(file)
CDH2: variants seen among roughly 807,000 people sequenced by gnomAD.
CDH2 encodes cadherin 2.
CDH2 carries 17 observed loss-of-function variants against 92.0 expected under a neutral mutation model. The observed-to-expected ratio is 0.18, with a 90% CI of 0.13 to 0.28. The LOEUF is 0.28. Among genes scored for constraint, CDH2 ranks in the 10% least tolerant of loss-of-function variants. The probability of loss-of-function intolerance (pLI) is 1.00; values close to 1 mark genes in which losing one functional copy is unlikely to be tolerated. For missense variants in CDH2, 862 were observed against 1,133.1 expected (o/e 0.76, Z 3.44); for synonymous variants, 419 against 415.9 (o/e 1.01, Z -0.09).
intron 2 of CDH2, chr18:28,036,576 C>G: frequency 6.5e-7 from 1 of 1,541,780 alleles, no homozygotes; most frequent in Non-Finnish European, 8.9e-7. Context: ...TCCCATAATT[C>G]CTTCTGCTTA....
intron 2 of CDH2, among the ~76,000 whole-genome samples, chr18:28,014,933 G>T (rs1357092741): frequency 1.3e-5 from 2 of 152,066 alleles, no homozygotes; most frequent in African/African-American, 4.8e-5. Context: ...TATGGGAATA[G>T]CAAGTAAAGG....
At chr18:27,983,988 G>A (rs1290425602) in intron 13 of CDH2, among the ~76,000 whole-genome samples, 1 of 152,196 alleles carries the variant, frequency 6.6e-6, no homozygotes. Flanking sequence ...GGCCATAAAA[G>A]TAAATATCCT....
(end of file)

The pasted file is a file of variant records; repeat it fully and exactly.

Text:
CDH2: variants seen among roughly 807,000 people sequenced by gnomAD.
CDH2 encodes cadherin 2.
CDH2 carries 17 observed loss-of-function variants against 92.0 expected under a neutral mutation model. The observed-to-expected ratio is 0.18, with a 90% CI of 0.13 to 0.28. The LOEUF is 0.28. Among genes scored for constraint, CDH2 ranks in the 10% least tolerant of loss-of-function variants. The probability of loss-of-function intolerance (pLI) is 1.00; values close to 1 mark genes in which losing one functional copy is unlikely to be tolerated. For missense variants in CDH2, 862 were observed against 1,133.1 expected (o/e 0.76, Z 3.44); for synonymous variants, 419 against 415.9 (o/e 1.01, Z -0.09).
intron 2 of CDH2, chr18:28,036,576 C>G: frequency 6.5e-7 from 1 of 1,541,780 alleles, no homozygotes; most frequent in Non-Finnish European, 8.9e-7. Context: ...TCCCATAATT[C>G]CTTCTGCTTA....
intron 2 of CDH2, among the ~76,000 whole-genome samples, chr18:28,014,933 G>T (rs1357092741): frequency 1.3e-5 from 2 of 152,066 alleles, no homozygotes; most frequent in African/African-American, 4.8e-5. Context: ...TATGGGAATA[G>T]CAAGTAAAGG....
At chr18:27,983,988 G>A (rs1290425602) in intron 13 of CDH2, among the ~76,000 whole-genome samples, 1 of 152,196 alleles carries the variant, frequency 6.6e-6, no homozygotes. Flanking sequence ...GGCCATAAAA[G>A]TAAATATCCT....